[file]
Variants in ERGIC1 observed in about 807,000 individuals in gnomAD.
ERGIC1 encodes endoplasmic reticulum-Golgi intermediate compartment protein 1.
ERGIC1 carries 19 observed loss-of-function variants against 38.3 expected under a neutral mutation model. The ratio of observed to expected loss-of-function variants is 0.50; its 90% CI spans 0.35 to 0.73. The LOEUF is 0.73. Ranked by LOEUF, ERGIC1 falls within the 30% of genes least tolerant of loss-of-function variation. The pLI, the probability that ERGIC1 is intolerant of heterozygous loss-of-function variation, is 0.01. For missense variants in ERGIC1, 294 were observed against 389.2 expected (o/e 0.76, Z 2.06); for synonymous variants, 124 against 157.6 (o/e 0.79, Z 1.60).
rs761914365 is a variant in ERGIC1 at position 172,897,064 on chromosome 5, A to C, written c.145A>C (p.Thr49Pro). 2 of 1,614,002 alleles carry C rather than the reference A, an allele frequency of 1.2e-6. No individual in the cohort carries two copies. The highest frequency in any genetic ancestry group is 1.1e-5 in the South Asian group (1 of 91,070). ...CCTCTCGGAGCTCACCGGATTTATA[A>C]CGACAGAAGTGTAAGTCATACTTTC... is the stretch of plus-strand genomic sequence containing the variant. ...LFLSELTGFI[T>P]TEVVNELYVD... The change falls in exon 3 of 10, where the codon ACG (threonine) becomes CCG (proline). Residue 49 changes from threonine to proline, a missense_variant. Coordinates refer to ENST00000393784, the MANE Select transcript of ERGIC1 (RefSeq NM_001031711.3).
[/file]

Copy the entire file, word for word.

Variants in ERGIC1 observed in about 807,000 individuals in gnomAD.
ERGIC1 encodes endoplasmic reticulum-Golgi intermediate compartment protein 1.
ERGIC1 carries 19 observed loss-of-function variants against 38.3 expected under a neutral mutation model. The ratio of observed to expected loss-of-function variants is 0.50; its 90% CI spans 0.35 to 0.73. The LOEUF is 0.73. Ranked by LOEUF, ERGIC1 falls within the 30% of genes least tolerant of loss-of-function variation. The pLI, the probability that ERGIC1 is intolerant of heterozygous loss-of-function variation, is 0.01. For missense variants in ERGIC1, 294 were observed against 389.2 expected (o/e 0.76, Z 2.06); for synonymous variants, 124 against 157.6 (o/e 0.79, Z 1.60).
rs761914365 is a variant in ERGIC1 at position 172,897,064 on chromosome 5, A to C, written c.145A>C (p.Thr49Pro). 2 of 1,614,002 alleles carry C rather than the reference A, an allele frequency of 1.2e-6. No individual in the cohort carries two copies. The highest frequency in any genetic ancestry group is 1.1e-5 in the South Asian group (1 of 91,070). ...CCTCTCGGAGCTCACCGGATTTATA[A>C]CGACAGAAGTGTAAGTCATACTTTC... is the stretch of plus-strand genomic sequence containing the variant. ...LFLSELTGFI[T>P]TEVVNELYVD... The change falls in exon 3 of 10, where the codon ACG (threonine) becomes CCG (proline). Residue 49 changes from threonine to proline, a missense_variant. Coordinates refer to ENST00000393784, the MANE Select transcript of ERGIC1 (RefSeq NM_001031711.3).